Till now I still don't know where the ground level spent fuel pool was. I heard it had smashed windows from the tsunami. Were any rods damaged or washed away?



posted on Mar, 28 2011 @ 04:52 PM
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reply to post by TheRedneck
 


In essence isn't what your saying is the definition of radioactive contamination?

Is that why fears of groundwater contamination are so high now?



posted on Mar, 28 2011 @ 04:52 PM
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reply to post by TheRedneck
 


[Deep breath]

Please tell me they can't get into the jet stream or even very high above the source of decay or fission and travel any significant distances unless water vapor carries them.....right?



posted on Mar, 28 2011 @ 05:00 PM
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Originally posted by Procharmo

In theory there would be no MOX in the spent pool. I have no idea where they keep fresh rods?


Greater Danger Lies in Spent Fuel Than in Reactors

According to Tokyo Electric, 32 of the 514 fuel rod assemblies in the storage pond at Reactor No. 3 contain mox.

Perhaps it's fresh MOX rods being stored in the No. # spent fuel pool.


Can anyone please confirm the spent fuel rods are not the brown mushroom we saw!

No.



Has any one seen a photo of the yellow or red top of the reactor vessel in No3?

Are you sure it's not white?
There was something round and white showing in a photo of the wreckage of No. 3 reactor which I was thinking might be the top of the reactor vessel.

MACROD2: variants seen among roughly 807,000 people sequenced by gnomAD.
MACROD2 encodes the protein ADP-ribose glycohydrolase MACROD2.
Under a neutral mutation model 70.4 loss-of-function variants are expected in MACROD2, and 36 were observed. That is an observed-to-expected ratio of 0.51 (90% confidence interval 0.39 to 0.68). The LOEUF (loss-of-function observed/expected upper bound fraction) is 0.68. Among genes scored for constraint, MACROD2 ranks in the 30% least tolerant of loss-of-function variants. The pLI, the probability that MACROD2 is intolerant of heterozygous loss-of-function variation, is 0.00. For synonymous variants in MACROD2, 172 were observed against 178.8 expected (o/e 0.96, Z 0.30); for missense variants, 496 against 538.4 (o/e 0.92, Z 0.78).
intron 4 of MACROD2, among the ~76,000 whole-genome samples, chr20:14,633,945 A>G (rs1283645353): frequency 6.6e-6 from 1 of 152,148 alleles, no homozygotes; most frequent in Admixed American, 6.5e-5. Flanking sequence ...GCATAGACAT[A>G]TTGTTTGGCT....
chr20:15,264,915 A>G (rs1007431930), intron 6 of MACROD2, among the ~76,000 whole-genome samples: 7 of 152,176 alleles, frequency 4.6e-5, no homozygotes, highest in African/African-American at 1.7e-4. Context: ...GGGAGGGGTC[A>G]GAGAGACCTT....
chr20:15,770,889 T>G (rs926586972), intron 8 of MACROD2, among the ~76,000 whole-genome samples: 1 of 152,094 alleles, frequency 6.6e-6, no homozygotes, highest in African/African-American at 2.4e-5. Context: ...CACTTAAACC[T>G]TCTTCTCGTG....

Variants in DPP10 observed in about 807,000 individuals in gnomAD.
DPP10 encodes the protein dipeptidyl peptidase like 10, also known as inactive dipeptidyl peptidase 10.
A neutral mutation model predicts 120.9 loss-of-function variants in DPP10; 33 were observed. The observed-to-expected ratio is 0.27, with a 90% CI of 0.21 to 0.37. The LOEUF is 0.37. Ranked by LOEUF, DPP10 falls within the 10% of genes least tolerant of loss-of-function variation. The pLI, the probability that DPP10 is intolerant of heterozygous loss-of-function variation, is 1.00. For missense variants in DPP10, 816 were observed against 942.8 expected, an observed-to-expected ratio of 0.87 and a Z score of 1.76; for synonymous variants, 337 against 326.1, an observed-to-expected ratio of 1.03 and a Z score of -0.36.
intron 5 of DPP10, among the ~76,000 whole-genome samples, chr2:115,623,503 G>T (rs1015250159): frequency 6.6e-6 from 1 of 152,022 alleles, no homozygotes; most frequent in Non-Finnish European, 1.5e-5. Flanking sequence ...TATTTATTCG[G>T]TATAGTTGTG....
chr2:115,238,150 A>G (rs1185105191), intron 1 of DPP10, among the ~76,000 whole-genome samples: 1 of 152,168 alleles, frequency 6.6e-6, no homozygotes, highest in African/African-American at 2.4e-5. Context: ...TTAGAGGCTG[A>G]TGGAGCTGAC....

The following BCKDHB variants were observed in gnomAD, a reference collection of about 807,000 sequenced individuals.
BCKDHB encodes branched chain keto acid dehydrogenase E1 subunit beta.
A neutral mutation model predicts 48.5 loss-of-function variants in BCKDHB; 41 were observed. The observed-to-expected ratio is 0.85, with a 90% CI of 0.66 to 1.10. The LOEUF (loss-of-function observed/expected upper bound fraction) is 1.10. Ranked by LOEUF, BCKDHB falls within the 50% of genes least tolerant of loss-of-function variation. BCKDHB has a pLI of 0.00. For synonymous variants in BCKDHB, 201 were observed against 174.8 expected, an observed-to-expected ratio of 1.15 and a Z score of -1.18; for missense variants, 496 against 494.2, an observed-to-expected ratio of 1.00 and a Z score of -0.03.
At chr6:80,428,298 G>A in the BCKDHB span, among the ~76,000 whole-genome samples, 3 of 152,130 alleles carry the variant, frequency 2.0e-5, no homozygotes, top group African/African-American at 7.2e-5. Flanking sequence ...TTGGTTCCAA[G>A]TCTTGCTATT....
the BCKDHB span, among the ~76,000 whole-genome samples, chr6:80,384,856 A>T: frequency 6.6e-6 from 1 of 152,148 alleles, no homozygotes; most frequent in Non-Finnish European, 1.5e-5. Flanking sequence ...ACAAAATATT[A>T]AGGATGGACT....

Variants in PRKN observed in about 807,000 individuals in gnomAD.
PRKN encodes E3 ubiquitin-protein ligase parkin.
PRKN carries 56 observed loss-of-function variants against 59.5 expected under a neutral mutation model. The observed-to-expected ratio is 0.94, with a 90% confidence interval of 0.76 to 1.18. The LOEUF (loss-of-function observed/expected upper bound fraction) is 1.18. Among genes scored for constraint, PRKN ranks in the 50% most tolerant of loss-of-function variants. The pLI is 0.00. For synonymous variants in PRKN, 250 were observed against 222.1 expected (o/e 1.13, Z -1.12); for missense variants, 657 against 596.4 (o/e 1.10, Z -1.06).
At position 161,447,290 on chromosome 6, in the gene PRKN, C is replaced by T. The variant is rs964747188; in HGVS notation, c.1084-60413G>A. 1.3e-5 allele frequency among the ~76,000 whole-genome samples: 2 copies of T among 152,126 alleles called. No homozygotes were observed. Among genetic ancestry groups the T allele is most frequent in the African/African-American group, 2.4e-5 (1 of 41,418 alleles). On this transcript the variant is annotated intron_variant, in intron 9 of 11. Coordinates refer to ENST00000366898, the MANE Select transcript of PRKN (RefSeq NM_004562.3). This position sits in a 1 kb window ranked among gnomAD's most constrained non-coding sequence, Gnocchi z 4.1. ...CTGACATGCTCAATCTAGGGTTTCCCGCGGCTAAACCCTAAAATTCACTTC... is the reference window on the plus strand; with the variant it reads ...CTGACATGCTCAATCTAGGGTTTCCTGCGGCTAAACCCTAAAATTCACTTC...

posted on Mar, 28 2011 @ 05:04 PM
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Originally posted by 00nunya00
reply to post by TheRedneck
 


Yikes.

Can you elaborate on the neutrons that could (in the unlikely scenario) come over here? I mean, neutrons of what? Just from the fission reaction going on, kind of the same as the neutron rays/beams? They wouldn't be in any certain form that they could test for? Is there a "mark" of these besides just geiger counter readings? Any way we can tell if they're here or not?


Oh gawd ... free neutrons have a half life of about 10 minutes unless they are moving very fast, don't worry about it.
(They decay into a proton and electron if you are interested.)

You would be worried about Pu or Cs-137 contamination and that's about it.



posted on Mar, 28 2011 @ 05:06 PM
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Thinking about a blob of corium melting it's way through the various rock strata sends rather uneasMt shivers down my spine. Reminds me of a maggot eating it's way through And leaving a wandering tunnel behind.

The direction of flow would depend upon the material it encounters, lower melting point minerals would go first before those of higher temperatures. The ground composition is not uniform so it would likely travel a very winding path, at least I think it would.

I've also been giving some thought to the possible steam explosion. Would the ratiant heat of the corium spread through the surrounding ground causing it to dry out through evaporation? Or would it being so close to the sea preclude this?
edit on 28-3-2011 by jadedANDcynical because: Stupid iPhone

edit on 28-3-2011 by jadedANDcynical because: Stupid typos



posted on Mar, 28 2011 @ 05:07 PM
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What's TEPCO doing at the moment, besides pumping and flipping dead switches hoping they will come back alive again?